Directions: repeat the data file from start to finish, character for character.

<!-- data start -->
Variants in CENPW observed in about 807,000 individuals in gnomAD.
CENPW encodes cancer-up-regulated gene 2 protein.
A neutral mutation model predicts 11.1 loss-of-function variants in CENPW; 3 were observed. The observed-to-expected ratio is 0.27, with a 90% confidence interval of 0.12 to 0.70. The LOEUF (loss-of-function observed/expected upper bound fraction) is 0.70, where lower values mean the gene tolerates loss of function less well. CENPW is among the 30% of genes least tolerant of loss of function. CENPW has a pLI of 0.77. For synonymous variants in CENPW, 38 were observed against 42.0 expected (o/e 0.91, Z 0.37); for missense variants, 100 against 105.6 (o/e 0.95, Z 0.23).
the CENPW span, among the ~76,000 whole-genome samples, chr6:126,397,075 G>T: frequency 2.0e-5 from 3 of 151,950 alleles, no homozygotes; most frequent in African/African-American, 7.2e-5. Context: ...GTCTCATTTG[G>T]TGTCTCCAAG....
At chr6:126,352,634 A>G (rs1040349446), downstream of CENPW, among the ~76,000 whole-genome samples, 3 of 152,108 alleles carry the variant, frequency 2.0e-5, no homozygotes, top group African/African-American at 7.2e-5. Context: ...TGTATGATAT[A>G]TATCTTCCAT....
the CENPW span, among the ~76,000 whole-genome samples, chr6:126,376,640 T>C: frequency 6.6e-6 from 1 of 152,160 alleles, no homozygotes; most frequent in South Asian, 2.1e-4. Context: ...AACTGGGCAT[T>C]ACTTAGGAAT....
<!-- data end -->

Variants in CENPW observed in about 807,000 individuals in gnomAD.
CENPW encodes cancer-up-regulated gene 2 protein.
A neutral mutation model predicts 11.1 loss-of-function variants in CENPW; 3 were observed. The observed-to-expected ratio is 0.27, with a 90% confidence interval of 0.12 to 0.70. The LOEUF (loss-of-function observed/expected upper bound fraction) is 0.70, where lower values mean the gene tolerates loss of function less well. CENPW is among the 30% of genes least tolerant of loss of function. CENPW has a pLI of 0.77. For synonymous variants in CENPW, 38 were observed against 42.0 expected (o/e 0.91, Z 0.37); for missense variants, 100 against 105.6 (o/e 0.95, Z 0.23).
the CENPW span, among the ~76,000 whole-genome samples, chr6:126,397,075 G>T: frequency 2.0e-5 from 3 of 151,950 alleles, no homozygotes; most frequent in African/African-American, 7.2e-5. Context: ...GTCTCATTTG[G>T]TGTCTCCAAG....
At chr6:126,352,634 A>G (rs1040349446), downstream of CENPW, among the ~76,000 whole-genome samples, 3 of 152,108 alleles carry the variant, frequency 2.0e-5, no homozygotes, top group African/African-American at 7.2e-5. Context: ...TGTATGATAT[A>G]TATCTTCCAT....
the CENPW span, among the ~76,000 whole-genome samples, chr6:126,376,640 T>C: frequency 6.6e-6 from 1 of 152,160 alleles, no homozygotes; most frequent in South Asian, 2.1e-4. Context: ...AACTGGGCAT[T>C]ACTTAGGAAT....